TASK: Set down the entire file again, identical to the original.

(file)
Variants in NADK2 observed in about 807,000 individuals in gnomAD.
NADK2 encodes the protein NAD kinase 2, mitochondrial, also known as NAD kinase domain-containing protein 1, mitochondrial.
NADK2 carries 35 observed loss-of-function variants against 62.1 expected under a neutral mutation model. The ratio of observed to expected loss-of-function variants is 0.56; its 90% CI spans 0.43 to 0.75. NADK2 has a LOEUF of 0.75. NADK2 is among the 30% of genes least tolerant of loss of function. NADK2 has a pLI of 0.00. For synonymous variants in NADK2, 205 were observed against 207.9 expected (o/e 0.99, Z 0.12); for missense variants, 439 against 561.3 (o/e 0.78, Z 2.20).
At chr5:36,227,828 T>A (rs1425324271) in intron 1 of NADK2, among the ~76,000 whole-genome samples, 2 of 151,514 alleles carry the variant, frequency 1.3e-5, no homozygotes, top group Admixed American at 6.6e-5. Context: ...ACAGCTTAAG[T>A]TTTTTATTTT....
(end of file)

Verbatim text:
Variants in NADK2 observed in about 807,000 individuals in gnomAD.
NADK2 encodes the protein NAD kinase 2, mitochondrial, also known as NAD kinase domain-containing protein 1, mitochondrial.
NADK2 carries 35 observed loss-of-function variants against 62.1 expected under a neutral mutation model. The ratio of observed to expected loss-of-function variants is 0.56; its 90% CI spans 0.43 to 0.75. NADK2 has a LOEUF of 0.75. NADK2 is among the 30% of genes least tolerant of loss of function. NADK2 has a pLI of 0.00. For synonymous variants in NADK2, 205 were observed against 207.9 expected (o/e 0.99, Z 0.12); for missense variants, 439 against 561.3 (o/e 0.78, Z 2.20).
At chr5:36,227,828 T>A (rs1425324271) in intron 1 of NADK2, among the ~76,000 whole-genome samples, 2 of 151,514 alleles carry the variant, frequency 1.3e-5, no homozygotes, top group Admixed American at 6.6e-5. Context: ...ACAGCTTAAG[T>A]TTTTTATTTT....